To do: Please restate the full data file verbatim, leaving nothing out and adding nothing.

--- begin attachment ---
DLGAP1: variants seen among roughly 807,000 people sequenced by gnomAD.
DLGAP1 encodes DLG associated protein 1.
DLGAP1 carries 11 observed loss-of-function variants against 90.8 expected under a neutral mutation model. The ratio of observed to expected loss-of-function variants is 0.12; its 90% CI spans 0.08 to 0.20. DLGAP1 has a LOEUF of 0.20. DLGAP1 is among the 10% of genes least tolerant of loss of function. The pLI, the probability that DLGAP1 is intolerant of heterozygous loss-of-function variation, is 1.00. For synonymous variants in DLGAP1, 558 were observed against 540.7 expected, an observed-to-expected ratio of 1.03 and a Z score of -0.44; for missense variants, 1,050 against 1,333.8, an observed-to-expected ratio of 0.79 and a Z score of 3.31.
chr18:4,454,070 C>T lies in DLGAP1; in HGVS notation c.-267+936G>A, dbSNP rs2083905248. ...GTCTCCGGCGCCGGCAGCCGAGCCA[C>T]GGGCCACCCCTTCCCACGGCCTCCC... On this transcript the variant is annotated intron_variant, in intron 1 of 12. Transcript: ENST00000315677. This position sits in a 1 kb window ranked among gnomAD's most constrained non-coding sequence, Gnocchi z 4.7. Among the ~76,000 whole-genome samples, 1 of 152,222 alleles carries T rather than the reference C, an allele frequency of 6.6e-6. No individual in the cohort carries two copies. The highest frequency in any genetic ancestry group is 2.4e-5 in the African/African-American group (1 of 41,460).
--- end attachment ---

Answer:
DLGAP1: variants seen among roughly 807,000 people sequenced by gnomAD.
DLGAP1 encodes DLG associated protein 1.
DLGAP1 carries 11 observed loss-of-function variants against 90.8 expected under a neutral mutation model. The ratio of observed to expected loss-of-function variants is 0.12; its 90% CI spans 0.08 to 0.20. DLGAP1 has a LOEUF of 0.20. DLGAP1 is among the 10% of genes least tolerant of loss of function. The pLI, the probability that DLGAP1 is intolerant of heterozygous loss-of-function variation, is 1.00. For synonymous variants in DLGAP1, 558 were observed against 540.7 expected, an observed-to-expected ratio of 1.03 and a Z score of -0.44; for missense variants, 1,050 against 1,333.8, an observed-to-expected ratio of 0.79 and a Z score of 3.31.
chr18:4,454,070 C>T lies in DLGAP1; in HGVS notation c.-267+936G>A, dbSNP rs2083905248. ...GTCTCCGGCGCCGGCAGCCGAGCCA[C>T]GGGCCACCCCTTCCCACGGCCTCCC... On this transcript the variant is annotated intron_variant, in intron 1 of 12. Transcript: ENST00000315677. This position sits in a 1 kb window ranked among gnomAD's most constrained non-coding sequence, Gnocchi z 4.7. Among the ~76,000 whole-genome samples, 1 of 152,222 alleles carries T rather than the reference C, an allele frequency of 6.6e-6. No individual in the cohort carries two copies. The highest frequency in any genetic ancestry group is 2.4e-5 in the African/African-American group (1 of 41,460).